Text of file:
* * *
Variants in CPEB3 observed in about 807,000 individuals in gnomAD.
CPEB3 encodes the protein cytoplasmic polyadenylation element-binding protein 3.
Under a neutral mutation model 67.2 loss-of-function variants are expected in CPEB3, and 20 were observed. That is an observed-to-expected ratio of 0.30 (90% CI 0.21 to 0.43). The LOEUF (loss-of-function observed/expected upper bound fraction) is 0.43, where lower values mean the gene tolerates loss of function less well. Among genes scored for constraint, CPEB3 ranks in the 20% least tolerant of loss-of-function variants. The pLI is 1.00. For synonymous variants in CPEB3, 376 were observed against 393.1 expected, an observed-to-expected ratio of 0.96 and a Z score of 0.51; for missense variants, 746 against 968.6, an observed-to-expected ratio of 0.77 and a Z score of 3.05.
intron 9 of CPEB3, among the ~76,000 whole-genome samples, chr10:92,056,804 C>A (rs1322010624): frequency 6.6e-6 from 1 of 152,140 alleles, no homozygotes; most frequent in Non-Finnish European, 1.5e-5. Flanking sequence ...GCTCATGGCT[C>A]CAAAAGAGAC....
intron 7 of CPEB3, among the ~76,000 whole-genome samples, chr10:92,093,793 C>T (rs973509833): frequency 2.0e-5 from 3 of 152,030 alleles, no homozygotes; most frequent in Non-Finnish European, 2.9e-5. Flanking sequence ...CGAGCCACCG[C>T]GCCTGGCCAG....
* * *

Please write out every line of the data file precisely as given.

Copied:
Variants in CPEB3 observed in about 807,000 individuals in gnomAD.
CPEB3 encodes the protein cytoplasmic polyadenylation element-binding protein 3.
Under a neutral mutation model 67.2 loss-of-function variants are expected in CPEB3, and 20 were observed. That is an observed-to-expected ratio of 0.30 (90% CI 0.21 to 0.43). The LOEUF (loss-of-function observed/expected upper bound fraction) is 0.43, where lower values mean the gene tolerates loss of function less well. Among genes scored for constraint, CPEB3 ranks in the 20% least tolerant of loss-of-function variants. The pLI is 1.00. For synonymous variants in CPEB3, 376 were observed against 393.1 expected, an observed-to-expected ratio of 0.96 and a Z score of 0.51; for missense variants, 746 against 968.6, an observed-to-expected ratio of 0.77 and a Z score of 3.05.
intron 9 of CPEB3, among the ~76,000 whole-genome samples, chr10:92,056,804 C>A (rs1322010624): frequency 6.6e-6 from 1 of 152,140 alleles, no homozygotes; most frequent in Non-Finnish European, 1.5e-5. Flanking sequence ...GCTCATGGCT[C>A]CAAAAGAGAC....
intron 7 of CPEB3, among the ~76,000 whole-genome samples, chr10:92,093,793 C>T (rs973509833): frequency 2.0e-5 from 3 of 152,030 alleles, no homozygotes; most frequent in Non-Finnish European, 2.9e-5. Flanking sequence ...CGAGCCACCG[C>T]GCCTGGCCAG....